The intermediate CA is then used to issue certificates including the client certificates that we use for authentication with Kubernetes.
Although this might seem unnecessarily complex, this improves the overall security of our PKI. If the intermediate CA were ever compromised we could revoke its certificate and issue a new one without having to redistribute the root CA’s certificate to all of our infrastructure.
And this is why the client certificate file for the
dev cluster contains two certificates, the client certificate, and the intermediate CA certificate. Is Ruby not reading the whole cert file? Lets check in irb:
That is a problem. Ruby ignores the intermediate certificate and only sends the client certificate to the Kubernetes API and that’s why the certificate validation fails.
How Do We Fix This?
After much googling, I stumbled on this vaguely related StackOverflow answer with a reference to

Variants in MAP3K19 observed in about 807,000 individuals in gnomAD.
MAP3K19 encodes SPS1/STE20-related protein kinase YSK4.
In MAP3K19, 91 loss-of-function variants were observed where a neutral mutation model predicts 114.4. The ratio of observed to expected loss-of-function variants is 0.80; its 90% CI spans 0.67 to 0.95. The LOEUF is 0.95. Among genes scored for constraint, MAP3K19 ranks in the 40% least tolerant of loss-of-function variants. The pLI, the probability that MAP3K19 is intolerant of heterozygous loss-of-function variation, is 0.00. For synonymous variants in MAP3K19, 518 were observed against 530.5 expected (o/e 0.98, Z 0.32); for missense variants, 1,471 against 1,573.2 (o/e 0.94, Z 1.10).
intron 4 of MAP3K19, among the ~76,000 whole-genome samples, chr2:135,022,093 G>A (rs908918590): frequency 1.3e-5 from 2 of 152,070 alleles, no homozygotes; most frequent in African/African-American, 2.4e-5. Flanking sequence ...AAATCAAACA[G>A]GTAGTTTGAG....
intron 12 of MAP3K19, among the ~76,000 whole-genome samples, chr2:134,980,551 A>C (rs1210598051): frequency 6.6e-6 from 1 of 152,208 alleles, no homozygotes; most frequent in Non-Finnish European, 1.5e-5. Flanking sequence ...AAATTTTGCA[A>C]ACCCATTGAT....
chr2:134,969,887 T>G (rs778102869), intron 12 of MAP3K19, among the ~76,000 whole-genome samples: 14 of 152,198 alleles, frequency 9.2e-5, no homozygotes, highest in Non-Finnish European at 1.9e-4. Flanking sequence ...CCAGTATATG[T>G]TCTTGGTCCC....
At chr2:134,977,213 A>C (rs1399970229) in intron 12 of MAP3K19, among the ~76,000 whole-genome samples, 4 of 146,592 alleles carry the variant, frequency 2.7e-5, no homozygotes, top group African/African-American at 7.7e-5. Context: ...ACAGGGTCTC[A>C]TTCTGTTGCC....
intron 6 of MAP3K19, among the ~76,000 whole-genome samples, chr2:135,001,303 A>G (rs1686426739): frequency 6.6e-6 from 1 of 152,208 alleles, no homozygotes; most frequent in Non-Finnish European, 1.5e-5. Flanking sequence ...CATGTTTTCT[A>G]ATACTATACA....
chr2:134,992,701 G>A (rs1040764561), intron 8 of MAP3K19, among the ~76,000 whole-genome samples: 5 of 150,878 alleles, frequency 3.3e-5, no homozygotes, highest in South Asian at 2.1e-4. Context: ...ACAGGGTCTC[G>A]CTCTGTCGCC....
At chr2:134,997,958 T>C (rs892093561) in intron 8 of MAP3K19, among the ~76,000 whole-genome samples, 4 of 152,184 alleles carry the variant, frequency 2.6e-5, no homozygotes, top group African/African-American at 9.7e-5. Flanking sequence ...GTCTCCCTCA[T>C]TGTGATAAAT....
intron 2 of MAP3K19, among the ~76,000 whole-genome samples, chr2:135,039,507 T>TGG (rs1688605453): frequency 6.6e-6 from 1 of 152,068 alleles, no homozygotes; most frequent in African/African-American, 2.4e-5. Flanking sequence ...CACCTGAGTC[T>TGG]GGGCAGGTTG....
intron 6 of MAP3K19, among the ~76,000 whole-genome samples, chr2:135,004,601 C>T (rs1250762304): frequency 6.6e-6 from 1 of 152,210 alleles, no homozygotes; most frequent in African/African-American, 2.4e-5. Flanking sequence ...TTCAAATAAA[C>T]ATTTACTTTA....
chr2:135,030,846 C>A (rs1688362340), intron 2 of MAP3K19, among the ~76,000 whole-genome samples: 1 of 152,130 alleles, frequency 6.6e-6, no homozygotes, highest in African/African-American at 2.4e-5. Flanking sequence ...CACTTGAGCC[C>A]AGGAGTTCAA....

SSLExtraChainCert which seems like a good thing to search for. Searching the Ruby documentation turns up a similar attribute,
OpenSSL::SSL::SSLContext#extra_chain_cert. Lets see if we can figure out how to use that.
SSLContext get used by
Net::HTTP? Let’s go to the source code to find out:
Net::HTTP#connect, we’re iterating over all the instance variable names in
Net::HTTP::SSL_IVNAMES and building up a
Hash of SSL parameters (
ssl_parameters in the code above). But something is missing!
extra_chain_cert isn’t in the array of instance variable names!
Some more searching finds this Ruby issue from 2015, which helpfully includes a patch. We can convert this to a monkey patch and test it out: